Liz and I met when she wrote an essay for Dark Mountain about her journey as a scientific atheist who fell into a deepening relationship with the sacred. These days she’s the leader of a national church and her WhatsApp messages are as likely to be about the future of disused chapels in English seaside towns as the latest famous artist she’s found herself deep in conversation with about ‘the God-shaped hole’ in our culture.
At the end of our gathering that day, I spoke about the trip to Patmos, the combination of people I was going with, the sense of something coming to a head.
‘Well, just don’t come back a Christian!’ Helen said. ‘We’ve got enough of those already!’
Elsewhere on the screen, I saw Liz frown and heard her say, ‘I think it might be… a bit late?’
I smiled and didn’t add much – anyway, it was time to sound the singing bowl to end the session – but I went away pondering these things. It wasn’t just that two friends with whom I had shared a good deal should have contrasting assumptions as to whether or not I was ‘a Christian’. It was that this question had never arisen in all the years of my public existence, since I began to write and speak in places which meant that people whose names I didn’t know knew mine. Never arisen, that is, until now.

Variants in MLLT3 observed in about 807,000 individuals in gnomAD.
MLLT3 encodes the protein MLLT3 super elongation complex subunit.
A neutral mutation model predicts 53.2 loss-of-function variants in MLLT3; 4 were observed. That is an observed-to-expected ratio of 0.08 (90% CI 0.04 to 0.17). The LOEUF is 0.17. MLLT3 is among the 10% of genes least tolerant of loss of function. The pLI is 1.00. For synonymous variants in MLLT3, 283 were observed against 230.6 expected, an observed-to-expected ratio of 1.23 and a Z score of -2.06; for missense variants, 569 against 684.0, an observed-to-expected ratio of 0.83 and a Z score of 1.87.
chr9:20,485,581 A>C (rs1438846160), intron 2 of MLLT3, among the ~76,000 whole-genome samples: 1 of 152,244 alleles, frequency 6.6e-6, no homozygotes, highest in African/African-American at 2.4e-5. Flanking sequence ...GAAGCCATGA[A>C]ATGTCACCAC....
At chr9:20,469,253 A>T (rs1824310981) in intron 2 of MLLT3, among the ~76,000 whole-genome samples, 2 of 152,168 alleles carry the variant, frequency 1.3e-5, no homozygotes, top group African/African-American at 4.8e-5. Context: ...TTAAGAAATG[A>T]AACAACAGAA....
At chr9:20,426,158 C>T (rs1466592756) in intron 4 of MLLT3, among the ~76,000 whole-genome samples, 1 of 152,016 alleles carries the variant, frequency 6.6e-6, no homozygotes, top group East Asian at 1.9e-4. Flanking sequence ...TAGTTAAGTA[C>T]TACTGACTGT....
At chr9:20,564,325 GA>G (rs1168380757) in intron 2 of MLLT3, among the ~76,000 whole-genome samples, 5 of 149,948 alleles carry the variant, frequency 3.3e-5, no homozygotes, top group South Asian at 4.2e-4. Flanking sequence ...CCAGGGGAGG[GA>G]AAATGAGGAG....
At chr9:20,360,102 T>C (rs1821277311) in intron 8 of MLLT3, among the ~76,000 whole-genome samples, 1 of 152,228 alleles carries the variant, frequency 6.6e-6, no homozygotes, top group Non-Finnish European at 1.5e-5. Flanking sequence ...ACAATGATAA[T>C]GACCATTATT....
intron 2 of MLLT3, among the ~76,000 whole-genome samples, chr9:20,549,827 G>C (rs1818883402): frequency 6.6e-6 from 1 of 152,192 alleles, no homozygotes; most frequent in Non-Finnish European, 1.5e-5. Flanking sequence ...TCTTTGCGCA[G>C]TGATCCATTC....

The next morning, the episode of The Sacred dropped that I’d recorded weeks earlier with, who was also coming to Patmos. There’s no smalltalk on Elizabeth’s podcast. She plunges her guests straight in with the opening question: ‘What is sacred to you?’